A couple of years ago I wanted to find a way to write an in memorium for a beautiful adult cat I had adopted from the Penticton SPCA. She led an interesting life when she joined our family; she made a long distance move with us and in general played a big role in our household. I decided to make a story of her life by arranging pictures and a story about her in a shadow box frame. I took this down to the local SPCA, in Quesnel where I now live. It has remained on the wall there for about four years.
As a teacher to middle school students, I see many students with a variety of talents. At Christmas time this year, my Grade 8 class of French Immersion students held a Quebec-themed Christmas celebration. I was amazed by the work they put into these hand-crafted invitations.
I have always supported the SPCA. The work done on these invitations would look wonderful if we were to put together more stories of successful adoptions of animals from the SPCA, I thought. I asked my students if they would be interested in making more scrapbooking projects for the SPCA – they readily agreed. I contacted Colby O’Flynn, manager of the Quesnel SPCA and told her I would like to showcase my students’ talents and make more story book frames about pets’ lives, either living or passed on. Colby put the call out to our community on Quesnel’s SPCA Facebook page and the response was huge.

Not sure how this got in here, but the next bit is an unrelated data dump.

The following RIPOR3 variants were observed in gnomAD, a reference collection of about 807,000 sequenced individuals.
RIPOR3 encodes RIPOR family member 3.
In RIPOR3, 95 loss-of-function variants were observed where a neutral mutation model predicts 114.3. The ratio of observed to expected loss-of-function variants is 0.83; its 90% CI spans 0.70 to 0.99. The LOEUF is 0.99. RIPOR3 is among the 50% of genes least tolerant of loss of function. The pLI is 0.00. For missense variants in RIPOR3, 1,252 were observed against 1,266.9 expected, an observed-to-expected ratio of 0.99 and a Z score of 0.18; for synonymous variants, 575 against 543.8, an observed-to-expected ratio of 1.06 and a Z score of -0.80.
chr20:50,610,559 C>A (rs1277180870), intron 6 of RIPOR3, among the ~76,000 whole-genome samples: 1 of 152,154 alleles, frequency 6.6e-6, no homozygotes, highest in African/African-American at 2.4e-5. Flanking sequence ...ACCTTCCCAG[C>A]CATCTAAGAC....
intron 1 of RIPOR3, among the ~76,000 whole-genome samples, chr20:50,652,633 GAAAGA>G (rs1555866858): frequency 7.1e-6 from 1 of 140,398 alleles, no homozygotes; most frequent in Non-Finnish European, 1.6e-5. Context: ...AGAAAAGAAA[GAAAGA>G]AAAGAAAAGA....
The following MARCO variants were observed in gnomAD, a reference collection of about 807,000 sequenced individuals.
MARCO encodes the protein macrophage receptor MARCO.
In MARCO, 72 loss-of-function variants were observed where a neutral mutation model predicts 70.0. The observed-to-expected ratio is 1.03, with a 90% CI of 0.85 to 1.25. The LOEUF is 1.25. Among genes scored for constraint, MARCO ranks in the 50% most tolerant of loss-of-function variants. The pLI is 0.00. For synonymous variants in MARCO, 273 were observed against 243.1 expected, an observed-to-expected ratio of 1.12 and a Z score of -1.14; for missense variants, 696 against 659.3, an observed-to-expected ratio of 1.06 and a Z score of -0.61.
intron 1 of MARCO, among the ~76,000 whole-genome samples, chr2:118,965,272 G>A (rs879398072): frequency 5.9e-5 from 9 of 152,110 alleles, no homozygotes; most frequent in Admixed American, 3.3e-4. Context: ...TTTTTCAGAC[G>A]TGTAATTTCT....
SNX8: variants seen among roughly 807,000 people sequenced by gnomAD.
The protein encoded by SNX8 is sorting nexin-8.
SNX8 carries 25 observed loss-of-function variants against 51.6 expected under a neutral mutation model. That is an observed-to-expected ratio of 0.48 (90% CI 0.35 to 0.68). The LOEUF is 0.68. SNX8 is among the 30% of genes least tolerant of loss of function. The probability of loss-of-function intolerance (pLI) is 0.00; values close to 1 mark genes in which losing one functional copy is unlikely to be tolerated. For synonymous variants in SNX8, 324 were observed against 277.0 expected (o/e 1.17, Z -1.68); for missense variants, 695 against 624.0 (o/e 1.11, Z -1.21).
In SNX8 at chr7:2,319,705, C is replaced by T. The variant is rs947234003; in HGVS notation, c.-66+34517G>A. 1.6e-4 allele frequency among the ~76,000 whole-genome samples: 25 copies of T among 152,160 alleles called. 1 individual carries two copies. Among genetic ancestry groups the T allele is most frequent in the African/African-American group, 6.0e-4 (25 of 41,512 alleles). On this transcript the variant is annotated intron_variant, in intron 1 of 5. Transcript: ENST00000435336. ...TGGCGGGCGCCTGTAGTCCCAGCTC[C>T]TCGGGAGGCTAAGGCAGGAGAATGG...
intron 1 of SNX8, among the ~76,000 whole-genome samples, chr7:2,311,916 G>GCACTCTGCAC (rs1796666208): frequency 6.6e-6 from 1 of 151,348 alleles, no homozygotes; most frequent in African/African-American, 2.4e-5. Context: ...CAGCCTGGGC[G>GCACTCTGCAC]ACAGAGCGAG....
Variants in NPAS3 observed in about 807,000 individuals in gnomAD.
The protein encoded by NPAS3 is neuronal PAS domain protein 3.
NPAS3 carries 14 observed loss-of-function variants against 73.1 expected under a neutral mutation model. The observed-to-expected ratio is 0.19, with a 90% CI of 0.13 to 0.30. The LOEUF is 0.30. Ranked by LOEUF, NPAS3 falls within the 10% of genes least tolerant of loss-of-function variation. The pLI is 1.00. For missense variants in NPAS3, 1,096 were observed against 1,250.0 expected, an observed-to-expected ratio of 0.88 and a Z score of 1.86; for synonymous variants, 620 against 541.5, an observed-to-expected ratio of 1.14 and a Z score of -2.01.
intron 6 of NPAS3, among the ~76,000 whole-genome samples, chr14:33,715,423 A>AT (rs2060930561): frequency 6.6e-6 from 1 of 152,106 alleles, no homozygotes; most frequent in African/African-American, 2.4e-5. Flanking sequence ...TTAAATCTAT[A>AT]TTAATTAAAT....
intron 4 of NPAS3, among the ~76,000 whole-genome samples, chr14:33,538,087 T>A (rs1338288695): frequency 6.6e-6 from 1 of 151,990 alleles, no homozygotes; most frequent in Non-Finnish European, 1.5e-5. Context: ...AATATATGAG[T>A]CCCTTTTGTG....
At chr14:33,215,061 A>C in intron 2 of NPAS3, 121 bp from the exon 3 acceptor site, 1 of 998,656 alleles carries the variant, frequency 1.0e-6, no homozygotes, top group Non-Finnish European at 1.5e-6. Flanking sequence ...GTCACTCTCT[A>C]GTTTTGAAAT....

All the stories we received were wonderful, about how a pet had found a perfect fit into someone’s home and life. Students were shown the submissions and chose the dog or cat whose story they wanted to tell.
The students had a variety of reasons for choosing various pets to feature in a shadow box.
“I believe it’s important for people to realize that when you take in an animal, it does make a difference,” Jaydagh Billingsley said.
Priya Badhan said she believes these animals are really inspiring because they’ve been through so much and they come out so strong.
Riddhiman Kansal chose a dog named Ginger because the story stood out for him.
He went on to say, “the value of these shadow boxes are important because they tell some great stories.”
Amity Dixon-Traer picked a cat named Lego who only had three legs.
“Lego shows that good things happen to everyone eventually and these stories [shadow boxes] show that there are happy endings,” she said
Abbey Mills chose a dog named Tanner who reminded her of the puppy her family adopted from the SPCA.
As this goes to press, we are still working on stories but will probably not be able to fulfill every submission we receive – or maybe we will?
It all depends on the donation of more shadow-box frames, and how many stories students can produce between now and the end of the school year.
I will have the same group of students in Grade 9 and they may be interested in working on this project into their senior year at QJS. I am proud to have such fine young members of our community put in the time and effort for a positive cause.
In order to complete our project, we gratefully received assistance for supplies from Walmart in Quesnel, Michaels in Prince George, as well as money donated from Houses 1 and 4 of QJS.
– submitted by Cathy Burke